I’ll always remember the haughty tone of those words, delivered in my first week of graduate school at MIT, by one of my classmates in the biology Ph.D. program. Alone, they might be funny, or at least ironic: My best friend actually does pet sharks, if by “pet” you mean “harpoon with high-tech tags to track the world’s biggest fish as they cruise through the world’s oceans.” But after more comments about how I wasn’t a “real biologist” and that ecology wasn’t a valid science, I quickly realized I was fighting an uphill battle for respect.
It’s not that my classmates were particularly unintelligent — though a few were, in this case, particularly rude. Nor did most of them truly believe I wasn’t a scientist, pursuing my work in a genuinely scientific manner. Instead, I’d simply found myself the lone tree-hugger (or, you know, phytoplankton-hugger) in a room full of the next great molecular biologists. And in a department focused on molecular biology, it was understandable that some students could be rather myopic.
In a way, graduate school selects for such laser-focus. You have to latch onto something with enough passion to pursue it for years — years when you’ll watch your peers take finance and tech jobs, rent one-bedroom walkups in Manhattan, or start families without worrying about long work hours. And once you’ve picked that something, you have to stick with it: getting a Ph.D. is as much a lesson in saying “no” to side-tracks, as it is gritting your teeth through your own thesis project.
So of course, many of us wind up thinking that what we do might just be the only thing that matters in the whole world. And then a few of us wind up saying that someone else “just” tags sharks, or “just” breeds mice — and we’re only halfway joking.
This isn’t just an ivory tower problem.
An old adage holds that “familiarity breeds contempt,” but of course ignorance breeds contempt just as effectively. When we don’t understand something, we risk either under- or over-valuing it. Whether we err in a positive or negative direction depends on a complex set of social interactions that shape our perceptions and value systems. Because a cardiothoracic surgeon saves lives in a very tangible, direct manner, we admire his deft sutures. Yet we look down on the expert flick with which a garbage collector loads trash bags, though society’s health depends more heavily on his work.
Overall, though, it comes down to knowledge — or rather, the lack of it.
Today’s society is riddled with “information silos” — discrete pillars of specialized knowledge, localized and limited. In a complex and high-tech world, we cannot know everything, so we settle for a couple areas of expertise, and view the rest through a veil of mystery. Who knows how to grow food? (Only about 1 percent of Americans.) Who manufactures complex computer chips? (Some factory in China.) And if something breaks down, well, there’s a silo for that.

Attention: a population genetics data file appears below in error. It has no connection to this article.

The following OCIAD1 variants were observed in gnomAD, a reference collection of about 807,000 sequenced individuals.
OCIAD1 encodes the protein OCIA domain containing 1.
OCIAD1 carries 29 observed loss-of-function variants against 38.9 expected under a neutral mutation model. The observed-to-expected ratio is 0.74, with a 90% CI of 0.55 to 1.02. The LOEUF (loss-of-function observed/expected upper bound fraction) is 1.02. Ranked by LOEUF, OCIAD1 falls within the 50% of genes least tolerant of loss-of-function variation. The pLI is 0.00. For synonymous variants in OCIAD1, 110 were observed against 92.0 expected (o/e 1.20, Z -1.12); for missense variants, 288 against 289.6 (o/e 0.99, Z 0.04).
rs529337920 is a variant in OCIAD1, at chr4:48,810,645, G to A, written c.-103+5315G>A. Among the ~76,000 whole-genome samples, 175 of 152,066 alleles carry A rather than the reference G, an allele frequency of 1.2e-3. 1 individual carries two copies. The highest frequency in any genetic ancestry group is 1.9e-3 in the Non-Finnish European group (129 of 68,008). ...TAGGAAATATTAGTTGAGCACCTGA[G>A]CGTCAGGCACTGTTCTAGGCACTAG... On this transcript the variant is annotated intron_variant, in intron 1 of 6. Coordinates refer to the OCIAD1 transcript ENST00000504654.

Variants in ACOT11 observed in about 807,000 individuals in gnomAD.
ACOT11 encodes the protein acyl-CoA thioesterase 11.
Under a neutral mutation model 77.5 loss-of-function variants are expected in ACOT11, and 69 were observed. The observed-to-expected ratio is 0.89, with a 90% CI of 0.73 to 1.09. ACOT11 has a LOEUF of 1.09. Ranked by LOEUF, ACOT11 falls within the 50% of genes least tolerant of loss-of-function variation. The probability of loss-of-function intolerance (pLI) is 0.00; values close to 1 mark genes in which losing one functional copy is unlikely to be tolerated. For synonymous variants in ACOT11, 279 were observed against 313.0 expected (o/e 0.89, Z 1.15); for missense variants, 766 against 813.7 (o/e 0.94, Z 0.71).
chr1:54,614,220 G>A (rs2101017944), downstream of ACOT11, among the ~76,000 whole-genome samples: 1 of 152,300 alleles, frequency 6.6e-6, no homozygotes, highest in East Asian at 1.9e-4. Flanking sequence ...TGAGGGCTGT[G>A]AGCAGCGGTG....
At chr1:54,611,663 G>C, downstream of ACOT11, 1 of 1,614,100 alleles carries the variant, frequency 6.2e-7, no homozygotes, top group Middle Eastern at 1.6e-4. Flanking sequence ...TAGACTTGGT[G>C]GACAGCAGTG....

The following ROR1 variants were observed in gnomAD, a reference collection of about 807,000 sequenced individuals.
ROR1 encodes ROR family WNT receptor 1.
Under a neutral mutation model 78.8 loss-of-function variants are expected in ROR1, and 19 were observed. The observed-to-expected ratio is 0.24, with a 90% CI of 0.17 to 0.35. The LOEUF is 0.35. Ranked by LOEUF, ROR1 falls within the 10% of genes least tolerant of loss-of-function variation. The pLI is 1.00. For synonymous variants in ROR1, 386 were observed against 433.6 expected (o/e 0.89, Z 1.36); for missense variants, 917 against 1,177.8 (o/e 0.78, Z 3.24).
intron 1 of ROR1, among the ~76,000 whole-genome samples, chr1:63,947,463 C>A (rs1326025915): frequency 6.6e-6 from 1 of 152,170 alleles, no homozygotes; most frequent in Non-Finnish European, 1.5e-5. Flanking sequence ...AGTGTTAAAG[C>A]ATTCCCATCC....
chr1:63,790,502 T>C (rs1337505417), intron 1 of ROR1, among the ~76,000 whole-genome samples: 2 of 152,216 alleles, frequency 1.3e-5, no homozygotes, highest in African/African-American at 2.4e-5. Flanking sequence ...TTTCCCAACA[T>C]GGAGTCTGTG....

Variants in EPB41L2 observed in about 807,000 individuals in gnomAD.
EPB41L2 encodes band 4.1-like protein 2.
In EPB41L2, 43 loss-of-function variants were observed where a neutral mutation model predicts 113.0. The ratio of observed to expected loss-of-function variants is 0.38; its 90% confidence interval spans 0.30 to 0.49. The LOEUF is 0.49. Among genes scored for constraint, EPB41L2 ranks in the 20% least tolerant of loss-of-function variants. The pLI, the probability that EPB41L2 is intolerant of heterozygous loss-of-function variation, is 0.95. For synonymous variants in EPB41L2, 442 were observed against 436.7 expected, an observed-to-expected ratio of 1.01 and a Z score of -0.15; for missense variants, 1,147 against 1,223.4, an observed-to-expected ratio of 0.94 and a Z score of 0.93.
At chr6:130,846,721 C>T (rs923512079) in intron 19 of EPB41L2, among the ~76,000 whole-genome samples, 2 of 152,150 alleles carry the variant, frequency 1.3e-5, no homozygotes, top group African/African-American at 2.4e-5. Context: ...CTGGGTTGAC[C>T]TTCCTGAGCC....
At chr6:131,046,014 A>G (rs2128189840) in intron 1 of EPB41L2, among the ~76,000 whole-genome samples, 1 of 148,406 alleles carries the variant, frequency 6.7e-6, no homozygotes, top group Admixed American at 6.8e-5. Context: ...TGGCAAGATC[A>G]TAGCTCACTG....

Information silos have allowed us to advance further technologically than ever. We can stand on the shoulders of giants without the weight of extraneous details. But silos are both a blessing and a curse. As any biologist will tell you, life doesn’t exist inside a vacuum. Ignore the outside world at your peril.
Silos concentrate information in the hands of a few. Advancement relies on the single-minded intensity of these experts, but the smaller their number, the more likely the information is to be lost altogether. And the higher the silo towers above its base, the less those of us peering upwards will understand of the knowledge held at its peak.
Instead, we rely on the experts. For example, it’s common practice to have a trusted mechanic look over a used car before finalizing the sale, or to have a jeweler appraise a diamond before buying the ring.
But while we seek expert opinion before risking our money, the majority of us stubbornly deny expert counsel on our planet’s risky future. While I always advocate for a healthy dose of skepticism, today there’s dramatic scientific consensus that Earth’s climate is warming because we are releasing carbon dioxide into the atmosphere.
Why, then, is our country still in denial?
Has the information silo grown too tall? Are our basic science educations insufficient to connect the logical dots? Or are we too scared to face the enormity of the problem? Unfortunately, there’s no time to wonder — only to begin climbing the silo (up or down, as the case may be) to meet with knowledge in the middle.
Before MIT, I lived happily sequestered in my silo. Today, I’m still convinced that ecology is my calling, and that its study is vital to our rapidly changing world. But now I can explain why. And after a semester of biochemistry lectures, and hours talking DNA and proteins with my classmates, I see the world — and my own science — fundamentally differently. It’s a change for the better.
Plus, I think Drew — one of those classmates and now a dear friend — finally believes I do more than pet sharks for a living.